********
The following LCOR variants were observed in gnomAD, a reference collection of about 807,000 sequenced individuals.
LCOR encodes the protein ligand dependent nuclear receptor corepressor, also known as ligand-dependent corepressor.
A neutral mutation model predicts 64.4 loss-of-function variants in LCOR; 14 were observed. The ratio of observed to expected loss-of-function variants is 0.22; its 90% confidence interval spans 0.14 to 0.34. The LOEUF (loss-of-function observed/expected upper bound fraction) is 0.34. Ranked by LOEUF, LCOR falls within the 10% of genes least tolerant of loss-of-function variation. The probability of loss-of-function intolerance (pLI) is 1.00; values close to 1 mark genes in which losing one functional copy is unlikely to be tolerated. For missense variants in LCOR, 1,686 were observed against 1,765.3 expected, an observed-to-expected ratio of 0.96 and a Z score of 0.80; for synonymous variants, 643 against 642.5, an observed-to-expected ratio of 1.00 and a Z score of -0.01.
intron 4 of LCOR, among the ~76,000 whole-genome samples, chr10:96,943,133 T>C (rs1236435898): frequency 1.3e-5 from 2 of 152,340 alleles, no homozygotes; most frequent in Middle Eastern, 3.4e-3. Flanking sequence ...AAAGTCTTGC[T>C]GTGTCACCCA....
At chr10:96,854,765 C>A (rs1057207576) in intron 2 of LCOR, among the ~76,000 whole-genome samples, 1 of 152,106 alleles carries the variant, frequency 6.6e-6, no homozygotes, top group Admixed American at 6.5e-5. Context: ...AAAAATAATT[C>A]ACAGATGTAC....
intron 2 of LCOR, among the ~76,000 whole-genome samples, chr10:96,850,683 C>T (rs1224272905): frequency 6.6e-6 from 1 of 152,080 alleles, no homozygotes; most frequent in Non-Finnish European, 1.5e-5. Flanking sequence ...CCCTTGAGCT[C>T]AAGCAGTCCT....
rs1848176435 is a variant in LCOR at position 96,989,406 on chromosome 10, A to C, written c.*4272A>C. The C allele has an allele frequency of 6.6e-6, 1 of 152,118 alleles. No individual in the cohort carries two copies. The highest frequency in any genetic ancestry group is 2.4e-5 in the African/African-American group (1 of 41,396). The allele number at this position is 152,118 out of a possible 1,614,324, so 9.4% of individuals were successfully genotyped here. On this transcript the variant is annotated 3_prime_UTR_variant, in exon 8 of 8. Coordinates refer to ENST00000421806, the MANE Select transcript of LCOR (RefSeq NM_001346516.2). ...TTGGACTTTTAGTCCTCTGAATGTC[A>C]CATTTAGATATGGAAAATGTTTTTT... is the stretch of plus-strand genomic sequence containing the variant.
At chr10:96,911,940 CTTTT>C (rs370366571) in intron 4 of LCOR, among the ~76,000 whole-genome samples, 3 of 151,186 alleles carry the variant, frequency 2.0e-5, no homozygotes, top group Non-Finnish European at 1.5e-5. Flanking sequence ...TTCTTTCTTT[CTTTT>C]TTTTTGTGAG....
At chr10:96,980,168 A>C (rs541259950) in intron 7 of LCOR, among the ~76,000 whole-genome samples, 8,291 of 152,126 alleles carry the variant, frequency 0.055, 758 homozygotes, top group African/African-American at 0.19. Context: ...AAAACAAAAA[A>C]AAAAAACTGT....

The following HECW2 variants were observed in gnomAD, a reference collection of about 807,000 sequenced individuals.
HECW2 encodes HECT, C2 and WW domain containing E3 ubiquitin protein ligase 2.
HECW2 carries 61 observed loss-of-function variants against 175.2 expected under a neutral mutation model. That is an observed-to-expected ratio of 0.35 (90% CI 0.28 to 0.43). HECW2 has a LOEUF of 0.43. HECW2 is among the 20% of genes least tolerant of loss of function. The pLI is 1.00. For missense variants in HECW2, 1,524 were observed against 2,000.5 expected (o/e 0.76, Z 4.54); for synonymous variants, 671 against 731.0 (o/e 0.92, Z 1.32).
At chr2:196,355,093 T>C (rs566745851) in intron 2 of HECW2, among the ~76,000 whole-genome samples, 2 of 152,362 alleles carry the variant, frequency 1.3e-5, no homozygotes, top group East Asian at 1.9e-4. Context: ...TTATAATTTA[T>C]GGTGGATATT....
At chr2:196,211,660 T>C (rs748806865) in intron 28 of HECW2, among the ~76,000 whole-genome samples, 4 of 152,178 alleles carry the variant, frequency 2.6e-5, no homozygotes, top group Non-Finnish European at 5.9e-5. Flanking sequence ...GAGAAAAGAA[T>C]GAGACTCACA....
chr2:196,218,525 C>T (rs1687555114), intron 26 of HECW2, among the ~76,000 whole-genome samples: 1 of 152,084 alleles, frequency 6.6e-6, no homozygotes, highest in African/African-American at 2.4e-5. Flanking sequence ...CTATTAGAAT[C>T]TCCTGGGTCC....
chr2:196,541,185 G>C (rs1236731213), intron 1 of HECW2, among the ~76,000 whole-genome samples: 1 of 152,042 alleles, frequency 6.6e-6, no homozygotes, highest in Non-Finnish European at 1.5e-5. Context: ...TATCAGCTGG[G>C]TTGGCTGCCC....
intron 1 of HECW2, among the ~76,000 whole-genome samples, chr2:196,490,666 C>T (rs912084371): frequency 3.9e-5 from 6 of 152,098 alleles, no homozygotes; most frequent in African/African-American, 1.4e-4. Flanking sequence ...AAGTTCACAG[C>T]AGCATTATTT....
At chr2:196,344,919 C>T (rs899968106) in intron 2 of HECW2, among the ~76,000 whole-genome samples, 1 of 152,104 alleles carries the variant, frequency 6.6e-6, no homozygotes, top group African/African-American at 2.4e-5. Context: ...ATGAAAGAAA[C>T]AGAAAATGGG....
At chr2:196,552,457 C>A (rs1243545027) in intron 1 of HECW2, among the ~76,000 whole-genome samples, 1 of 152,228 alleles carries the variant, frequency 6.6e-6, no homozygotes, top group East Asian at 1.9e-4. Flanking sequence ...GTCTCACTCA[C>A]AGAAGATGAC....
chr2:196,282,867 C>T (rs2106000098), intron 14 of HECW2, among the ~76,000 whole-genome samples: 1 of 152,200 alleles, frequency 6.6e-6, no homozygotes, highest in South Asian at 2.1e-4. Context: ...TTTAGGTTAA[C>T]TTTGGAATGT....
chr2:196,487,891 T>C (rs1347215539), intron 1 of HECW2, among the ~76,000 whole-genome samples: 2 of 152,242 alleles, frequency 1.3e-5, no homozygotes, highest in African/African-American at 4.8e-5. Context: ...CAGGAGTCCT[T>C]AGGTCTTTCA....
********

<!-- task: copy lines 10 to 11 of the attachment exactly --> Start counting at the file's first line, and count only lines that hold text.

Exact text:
The following HECW2 variants were observed in gnomAD, a reference collection of about 807,000 sequenced individuals.
HECW2 encodes HECT, C2 and WW domain containing E3 ubiquitin protein ligase 2.